Brian Gillis's installation is based on historical evidence of Illinois Black Panther leader Fred Hampton's bedroom on December 4, 1969, the night he was shot and killed by Chicago police on an assignment from then Cook County State's Attorney Edward Hanrahan. Mark Clark, the organizer of the Peoria, Illinois, chapter of the Black Panthers was also killed during the raid. The physical evidence later showed that the officers had fired nearly 100 shots in the apartment where Hampton, his girlfriend, and several other members of the Black Panther Party were sleeping. According to Gillis, the officers left the scene but the Black Panther Party painstakingly documented it and then opened it to the public (similar to Emmett Till's open casket funeral in Chicago following his 1955 racially motivated murder in Mississippi). Through a series of lawsuits filed by the People's Law Office, it was later discovered that the FBI's secret COINTELPRO program played a major role in the assassination and cover-up. Gillis's priority with this project is to show the depth and breadth of who Hampton was and the impact that he both had and could have had. For example, while involved with the Black Panthers, he facilitated a massive peace agreement between many of Chicago's street gangs, organized rallies, provided political education, and played a significant role in a free breakfast program for children. He was only 21-years-old when he was assassinated.
Gillis, an Oregon-based artist, was inspired to develop His Room for this exhibition in response to Illinois's historical, political, and cultural connections to the Hampton case. He accumulated a research archive and will present it in an installation that evokes a reading room and reproduction center. Before entering the reading area, participants will pass through a layered curtain, functioning as a metaphor for both the transgression of boundaries and the revelation of secrets concealed 'behind the curtain.' The archive will be filled with news accounts, imagery, and literature related not only to this event, but also to a range of relevant topics including police brutality, street gangs, the Weather Underground, John Brown, FBI corruption, and the Black Panthers. In describing his motivation for the spectrum of topics, Gillis said, “I'm hoping that these books serve as the primary foundation for an inquiry into the life and death of Fred Hampton as a way to, perhaps, understand the complexity of issues regarding race and social revolution in the U.S.” Additionally, Gillis will present copies of the books that Fred Hampton had in his bedroom on the night of his death, with topics ranging from imperialism, to the origin of various sciences, to pregnancy (his girlfriend was pregnant at the time), which will also be on view. Lastly, the exhibition will feature nine books Gillis compiled that include the Grand Jury's report about the case, inventories of physical evidence collected from government repositories, and files accessed via the Freedom of Information Act. He produced the books with the intention of including them in a university library's collection— even binding them in the appropriate book cloth with suggested call numbers in an institutional sans serif font—and will make them available for study during the exhibition.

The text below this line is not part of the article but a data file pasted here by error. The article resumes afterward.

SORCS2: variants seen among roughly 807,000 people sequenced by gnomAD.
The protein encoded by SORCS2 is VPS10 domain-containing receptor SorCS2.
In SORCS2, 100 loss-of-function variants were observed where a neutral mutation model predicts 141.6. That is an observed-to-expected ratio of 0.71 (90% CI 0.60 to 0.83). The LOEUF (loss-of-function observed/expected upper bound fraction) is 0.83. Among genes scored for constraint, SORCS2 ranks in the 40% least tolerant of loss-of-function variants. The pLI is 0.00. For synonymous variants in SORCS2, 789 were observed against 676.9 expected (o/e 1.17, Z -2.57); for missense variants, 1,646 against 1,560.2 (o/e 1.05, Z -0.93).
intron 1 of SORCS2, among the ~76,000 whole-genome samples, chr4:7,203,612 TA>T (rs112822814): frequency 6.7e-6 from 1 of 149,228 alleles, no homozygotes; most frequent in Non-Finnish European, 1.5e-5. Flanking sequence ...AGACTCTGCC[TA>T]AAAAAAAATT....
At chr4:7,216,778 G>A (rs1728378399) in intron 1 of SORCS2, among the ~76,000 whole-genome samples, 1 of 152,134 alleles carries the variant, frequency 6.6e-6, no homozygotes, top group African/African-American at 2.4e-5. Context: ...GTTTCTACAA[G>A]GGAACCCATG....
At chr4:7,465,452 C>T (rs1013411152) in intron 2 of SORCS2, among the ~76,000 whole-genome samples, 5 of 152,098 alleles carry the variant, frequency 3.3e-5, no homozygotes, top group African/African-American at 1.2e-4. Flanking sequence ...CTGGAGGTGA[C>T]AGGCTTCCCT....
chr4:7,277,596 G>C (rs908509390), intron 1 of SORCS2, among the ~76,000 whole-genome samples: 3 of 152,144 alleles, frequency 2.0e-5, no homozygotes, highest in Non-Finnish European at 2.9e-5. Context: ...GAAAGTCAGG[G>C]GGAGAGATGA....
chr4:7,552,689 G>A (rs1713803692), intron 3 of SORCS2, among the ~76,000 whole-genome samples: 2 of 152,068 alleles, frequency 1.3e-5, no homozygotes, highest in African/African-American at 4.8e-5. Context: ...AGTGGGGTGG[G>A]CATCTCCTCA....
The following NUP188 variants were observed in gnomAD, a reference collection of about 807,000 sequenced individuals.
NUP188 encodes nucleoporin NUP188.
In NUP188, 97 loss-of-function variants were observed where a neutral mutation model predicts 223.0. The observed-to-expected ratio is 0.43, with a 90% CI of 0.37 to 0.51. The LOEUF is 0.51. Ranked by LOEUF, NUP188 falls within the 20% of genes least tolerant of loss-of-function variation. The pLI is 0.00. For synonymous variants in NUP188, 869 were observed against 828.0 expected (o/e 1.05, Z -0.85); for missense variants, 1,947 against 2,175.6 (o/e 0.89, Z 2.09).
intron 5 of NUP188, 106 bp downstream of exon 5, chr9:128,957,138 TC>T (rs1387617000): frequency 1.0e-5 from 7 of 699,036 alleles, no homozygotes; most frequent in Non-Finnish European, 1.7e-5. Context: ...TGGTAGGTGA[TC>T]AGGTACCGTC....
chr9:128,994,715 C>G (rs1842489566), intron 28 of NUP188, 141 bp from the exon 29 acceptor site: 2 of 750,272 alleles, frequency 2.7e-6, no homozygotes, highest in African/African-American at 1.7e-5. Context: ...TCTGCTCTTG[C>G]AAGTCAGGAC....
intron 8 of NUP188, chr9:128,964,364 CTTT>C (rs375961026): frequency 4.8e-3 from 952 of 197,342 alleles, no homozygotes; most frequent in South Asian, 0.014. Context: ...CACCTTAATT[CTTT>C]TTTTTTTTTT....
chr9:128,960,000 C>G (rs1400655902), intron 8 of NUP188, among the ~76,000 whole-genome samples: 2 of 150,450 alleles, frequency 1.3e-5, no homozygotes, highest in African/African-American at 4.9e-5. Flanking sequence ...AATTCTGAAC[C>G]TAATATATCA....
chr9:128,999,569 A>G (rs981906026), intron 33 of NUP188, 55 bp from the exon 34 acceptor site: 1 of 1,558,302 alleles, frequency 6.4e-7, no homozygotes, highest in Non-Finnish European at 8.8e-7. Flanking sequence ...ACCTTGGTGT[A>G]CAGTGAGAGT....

Gillis is an artist-in-residence in the School of Art's Visiting Artist Program. University Galleries is partnering with the V.A.P. to host lectures, performances, and exhibitions for the 2014 Visiting Artists. University Galleries is collaborating with Milner Library to include books related to the topic in the exhibition.
Gillis's work has been included in solo and group exhibitions at Birmingham Museum of Art, Birmingham, Alabama; Milwaukee Art Museum; CUE Art Foundation, New York; Urban Institute for Contemporary Arts, Grand Rapids, Michigan; and American Museum of Ceramic Art, Pomona, California, among others. He has received grants and awards from the Oregon Arts Commission, the Illinois Arts Council, Contemporary Artists Center, University of Oregon, University of Illinois at Springfield, and Shanghai University. The artist's work has been included in multiple books including Paperclay: Art and Practice (Bloomsbury Publishing/University of Pennsylvania Press); Studio Space (McGraw Hill); The Plywood Book (Storey Publishing); and Free Radio Manual (CUE Art Foundation). Gillis, who received his M.F.A. from Alfred University and his B.A. from Humboldt State University, is Associate Professor of Art at University of Oregon in Eugene.